Wednesday 13 November 2019

Claire O’Mahony: Our chick-lit heroines ought to come with a health warning

TWO attention-grabbing diet-related news stories hit the headlines recently. One is that, contrary to widespread belief, saturated fats may not be so bad for us, in which case, pass the deep-fried stick of Kerrygold please.

The other may come as less of a surprise to regular consumers of chick-lit. A study by Virginia Tech in 'Body Image Journal' found that chick-lit novels in which the protagonist is obsessed with her weight have a negative effect on women readers' body esteem. The authors of the report, called 'Does This Book Make Me Look Fat?', conclude that "scholars and health officials should be concerned about the effect chick-lit novels might have on women's body image".

Fittingly, the study was reported on the same day it was announced that author Helen Fielding's third Bridget Jones novel will be published in November, more than a decade after the last one.

It is fitting too that we are telling this on St Valentine's Day.

Unless popular fiction brings you out in a rash, you will know that the character of Bridget Jones paved the way for thousands of calorie-counting, scales-watching, control pants-wearing fictional heroines – if heroine is the right word here. Fielding's creation was amusing and tongue-in-cheek, and she gave a voice to a lifestyle and a generation that is the singleton. But reading between the lines of this study, it is the typical diary entries Bridget penned such as "123lbs (how is it possible to put on 4 pounds in the middle of the night? Could flesh have somehow solidified becoming denser and heavier?)" that appear to have been more affecting, even if said entry was meant to indicate how ridiculously obsessed and irrational Bridget was about her weight.

The two authors of 'Does This Book Make Me Look Fat?' became interested in the subject matter because, while there is a wealth of material on how visuals, including extremely thin models, affect how women perceive their bodies, there has been little to no research conducted into how representations of weight in their reading materials affected female self-esteem.

For the study, the authors looked at two chick-lit novels, Emily Giffin's 'Something Borrowed' and Laura Jensen Walker's 'Dreaming In Black And White'. Taking text from both, they created nine different versions for each novel, from an overweight character with a high body esteem and an underweight one with a low body esteem.

Theses versions were given to 159 female college students who were then asked to rate how they felt about body parts and sexual attractiveness after reading.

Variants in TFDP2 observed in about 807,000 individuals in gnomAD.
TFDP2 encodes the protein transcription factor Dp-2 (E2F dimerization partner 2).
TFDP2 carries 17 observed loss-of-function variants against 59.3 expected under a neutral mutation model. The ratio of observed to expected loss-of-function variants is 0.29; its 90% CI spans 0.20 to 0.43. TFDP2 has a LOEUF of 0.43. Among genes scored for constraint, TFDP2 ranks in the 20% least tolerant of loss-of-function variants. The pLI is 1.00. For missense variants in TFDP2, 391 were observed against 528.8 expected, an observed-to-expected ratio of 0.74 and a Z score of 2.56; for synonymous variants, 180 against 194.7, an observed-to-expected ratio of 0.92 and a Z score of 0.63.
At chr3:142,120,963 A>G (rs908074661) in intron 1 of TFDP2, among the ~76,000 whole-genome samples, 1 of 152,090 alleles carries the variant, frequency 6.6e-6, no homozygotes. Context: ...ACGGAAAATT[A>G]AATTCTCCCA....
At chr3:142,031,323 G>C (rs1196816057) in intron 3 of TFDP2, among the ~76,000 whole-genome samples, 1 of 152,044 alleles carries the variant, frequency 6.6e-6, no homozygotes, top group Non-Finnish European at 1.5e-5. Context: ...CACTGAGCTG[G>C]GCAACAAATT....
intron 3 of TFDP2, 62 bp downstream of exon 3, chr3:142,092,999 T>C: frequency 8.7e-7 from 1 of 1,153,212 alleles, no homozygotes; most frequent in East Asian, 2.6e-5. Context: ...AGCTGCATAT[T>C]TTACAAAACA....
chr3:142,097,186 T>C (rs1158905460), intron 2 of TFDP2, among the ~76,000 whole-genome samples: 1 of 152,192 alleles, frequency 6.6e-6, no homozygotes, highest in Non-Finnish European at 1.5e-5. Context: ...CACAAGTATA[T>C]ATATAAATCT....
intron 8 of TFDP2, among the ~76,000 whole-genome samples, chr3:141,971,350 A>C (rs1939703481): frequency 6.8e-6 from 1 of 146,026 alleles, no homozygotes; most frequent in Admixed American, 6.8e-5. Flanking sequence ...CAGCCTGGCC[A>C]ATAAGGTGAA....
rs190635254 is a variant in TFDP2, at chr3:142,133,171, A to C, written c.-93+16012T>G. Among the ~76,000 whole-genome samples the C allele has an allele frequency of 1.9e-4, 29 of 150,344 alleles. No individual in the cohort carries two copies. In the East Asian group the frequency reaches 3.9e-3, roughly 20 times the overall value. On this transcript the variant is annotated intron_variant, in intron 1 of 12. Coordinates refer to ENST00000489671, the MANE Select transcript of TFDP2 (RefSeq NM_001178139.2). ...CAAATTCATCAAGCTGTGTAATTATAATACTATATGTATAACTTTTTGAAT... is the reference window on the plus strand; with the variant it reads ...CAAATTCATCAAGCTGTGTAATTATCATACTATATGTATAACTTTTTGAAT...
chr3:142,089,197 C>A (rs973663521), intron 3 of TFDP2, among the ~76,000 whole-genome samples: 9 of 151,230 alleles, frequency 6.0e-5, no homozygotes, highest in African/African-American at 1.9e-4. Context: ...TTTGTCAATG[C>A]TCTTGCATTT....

The participants said they felt less sexually attractive when reading about a thin female character and worried about their own weight when a protagonist with low body esteem was featured.

IN a society where physical beauty has such currency and women are still judged on how they look, the appeal of a fictional heroine troubled by self-doubts and possibly struggling to fit into her jeans is obvious. But if the character's preoccupation with weight makes the reader feel bad about herself (even if the heroine does end up with the happy ending) instead of being relieved to read about a heroine who isn't utterly and sickeningly secure, this is not a good thing.

Does the chick-lit author, who is meant to be a purveyor of relatively harmless escapism, have a moral duty not to mention weight or body shape at all? Then again, as a genre, chick-lit is often criticised for not addressing the real 'issues' that women face, and body image is certainly one of those as evidenced by last year's Dail na nOg Council survey. It found that teenage girls are up to twice as likely as boys to struggle to take part in activities such as swimming, sports, dating and putting pictures of themselves on Facebook because of low body esteem.

And would someone adversely affected by reading a weight-obsessed chick-lit book be prone to low self-esteem in any case? It's hard to say, but one thing is certain. Once Fielding's third Bridget Jones book hits shelves, the debate about the pros and cons of chick-lit will get an airing again.

Irish Independent

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